On Tuesday, Nov. 3, students assembled in dorm rooms, attended socially-distanced watch parties and congregated in dorm lounges to watch the year’s most anticipated event: the 2020 presidential election.
With Democrats, Independents and even self-proclaimed “never Trump” Republicans forming a coalition to back former Vice President Joseph Biden against incumbent President Trump and his fervent supporters, this election proved to be the most highly contested yet.
The election’s importance weighed upon students, as they waited for more than three days for the news that Biden would be the 46th President of the United States, with Senator Kamala Harris as his Vice President.
Senior Spanish and Communication major Christina Iglesias shared her anxiety about awaiting election results.
“It was overwhelming to focus on schoolwork while staying informed about the election,” she said. “Every other minute I was checking the news to see if anything had changed. I ended up deleting my social media accounts until the winner was announced on Saturday because the situation was making me incredibly anxious and I couldn’t focus on my work.”
Sophomore Accounting, International Business and Spanish major Colette Termaat reported similar feelings.
“The first night watching the election was really stressful because things weren’t looking as good as they did and I didn’t go to sleep until about 4 a.m. after Trump had his address,” she said. “I didn’t know if I would get any work done for the rest of the week because I was on my phone checking election results almost every minute of every day from Tuesday to Friday.”
On Nov. 3, the day before the election, University President Rev. Peter Donohue, O.S.A., Ph.D. sent an email to the Villanova community, urging members to remain respectful.
“Although we may not always agree with one another or feel the same way about key issues, let’s promote good citizenship, be respectful and remember that at the end of the day, we are all Villanovans,” he said.
For the most part, students reported the campus living up to this expectation.
“I didn’t really feel any tensions between Biden and Trump supporters mostly because I’m not friends with any Trump supporters,” Termaat said. “I did, however, unfollow quite a few people on Instagram throughout the few days of the election week.”
“I remember walking past what seemed to be a Trump party in St. Monica’s lounge – a few people wearing MAGA hats and cheering pro-Trump slogans,” one student, who wished to remain anonymous, recounted. “Although I definitely felt uneasy about it as a Biden supporter, I tried not to let it get the best of me and didn’t say anything to them.”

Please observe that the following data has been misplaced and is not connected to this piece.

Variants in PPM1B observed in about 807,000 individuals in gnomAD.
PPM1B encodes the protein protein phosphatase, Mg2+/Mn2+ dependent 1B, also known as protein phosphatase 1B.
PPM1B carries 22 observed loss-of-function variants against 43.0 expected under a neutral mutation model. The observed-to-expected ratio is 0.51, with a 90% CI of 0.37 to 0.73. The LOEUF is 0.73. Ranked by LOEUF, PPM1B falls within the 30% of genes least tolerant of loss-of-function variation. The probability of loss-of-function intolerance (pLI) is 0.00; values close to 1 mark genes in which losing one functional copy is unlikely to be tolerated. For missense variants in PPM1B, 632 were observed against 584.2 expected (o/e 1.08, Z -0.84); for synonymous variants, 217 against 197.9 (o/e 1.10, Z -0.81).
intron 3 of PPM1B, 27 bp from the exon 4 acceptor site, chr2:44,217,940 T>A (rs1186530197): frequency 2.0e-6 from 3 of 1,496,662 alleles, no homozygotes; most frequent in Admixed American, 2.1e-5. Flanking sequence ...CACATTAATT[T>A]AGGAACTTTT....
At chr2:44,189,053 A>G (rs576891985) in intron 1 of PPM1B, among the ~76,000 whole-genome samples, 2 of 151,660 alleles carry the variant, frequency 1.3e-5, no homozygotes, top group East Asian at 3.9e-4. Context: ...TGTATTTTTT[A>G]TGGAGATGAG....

If one word could describe the campus reaction to Biden’s victory, it would likely be relief.
“I found out Biden won five minutes after I woke up Saturday morning,” freshman Economics major Basia Holowenczak said. “When I heard that Biden won, I was just overcome by a sense of relief. Biden winning will not automatically solve the divisiveness in this country, but I have so much relief knowing our country will have a president that won’t try to divide us further.”
Termaat had a similar experience.
“I was in my apartment doing my laundry when I heard the results, and I immediately started crying and then my roommates and I blasted “Party in the USA” and were dancing to ‘Mamma Mia’ for a good half hour, and it just felt like I had a giant weight lifted off my shoulder that I didn’t even realize was there for the last four years,” Termaat said. “From what I heard on campus everyone was super excited and I think everyone’s just glad that we got to be a part of the state that really decided the election, which felt really good for most people our age being first-time voters in a presidential election,” Termaat said when asked to describe the campus climate as a whole following the results being announced.
On the Monday following the announcement of election results, students reported being able to focus better in classes, with the dread and uncertainty about the future replaced with hope, certainty and optimism.
A major source of this optimism? Joe Biden’s VP pick – Kamala Harris.
“I couldn’t be happier about the significance of having the first Black and South Asian woman in the White House,” Holowenczak said.
“Politics can be boring again,” Termaat said.“I really don’t want to have to be as involved as I have been. However, I also see people our age being way more politically involved than our parents were and more than their parents were. I think this election has pushed all of us to become really educated in our politics and push further than ourselves in understanding how the world works in our country works.”